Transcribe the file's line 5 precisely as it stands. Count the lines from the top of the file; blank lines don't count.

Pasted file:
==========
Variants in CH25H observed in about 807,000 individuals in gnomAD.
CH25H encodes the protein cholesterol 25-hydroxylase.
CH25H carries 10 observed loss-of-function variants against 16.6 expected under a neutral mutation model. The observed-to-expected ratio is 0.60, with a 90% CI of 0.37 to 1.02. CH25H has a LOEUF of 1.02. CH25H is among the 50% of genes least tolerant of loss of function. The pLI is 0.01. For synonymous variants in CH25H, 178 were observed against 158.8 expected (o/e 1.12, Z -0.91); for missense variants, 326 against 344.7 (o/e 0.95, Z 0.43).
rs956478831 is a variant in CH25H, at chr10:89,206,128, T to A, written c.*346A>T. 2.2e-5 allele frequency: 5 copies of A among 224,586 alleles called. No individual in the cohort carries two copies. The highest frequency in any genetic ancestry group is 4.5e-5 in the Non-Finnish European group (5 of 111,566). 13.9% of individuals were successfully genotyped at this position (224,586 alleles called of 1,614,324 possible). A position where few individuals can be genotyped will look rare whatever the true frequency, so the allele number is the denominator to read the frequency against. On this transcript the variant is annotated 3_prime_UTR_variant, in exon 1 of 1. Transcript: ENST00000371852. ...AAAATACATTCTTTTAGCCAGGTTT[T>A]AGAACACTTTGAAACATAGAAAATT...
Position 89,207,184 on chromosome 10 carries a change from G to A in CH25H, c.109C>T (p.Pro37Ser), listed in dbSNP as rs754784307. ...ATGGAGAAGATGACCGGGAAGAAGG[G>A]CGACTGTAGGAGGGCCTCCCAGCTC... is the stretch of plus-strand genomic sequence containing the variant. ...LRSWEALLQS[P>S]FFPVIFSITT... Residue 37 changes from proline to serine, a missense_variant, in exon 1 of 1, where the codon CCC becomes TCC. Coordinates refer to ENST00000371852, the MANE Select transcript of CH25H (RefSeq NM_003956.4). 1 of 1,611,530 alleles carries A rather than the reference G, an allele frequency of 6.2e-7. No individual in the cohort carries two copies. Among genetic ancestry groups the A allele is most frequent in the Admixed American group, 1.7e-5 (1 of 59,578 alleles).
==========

Position 89,207,184 on chromosome 10 carries a change from G to A in CH25H, c.109C>T (p.Pro37Ser), listed in dbSNP as rs754784307. ...ATGGAGAAGATGACCGGGAAGAAGG[G>A]CGACTGTAGGAGGGCCTCCCAGCTC... is the stretch of plus-strand genomic sequence containing the variant. ...LRSWEALLQS[P>S]FFPVIFSITT... Residue 37 changes from proline to serine, a missense_variant, in exon 1 of 1, where the codon CCC becomes TCC. Coordinates refer to ENST00000371852, the MANE Select transcript of CH25H (RefSeq NM_003956.4). 1 of 1,611,530 alleles carries A rather than the reference G, an allele frequency of 6.2e-7. No individual in the cohort carries two copies. Among genetic ancestry groups the A allele is most frequent in the Admixed American group, 1.7e-5 (1 of 59,578 alleles).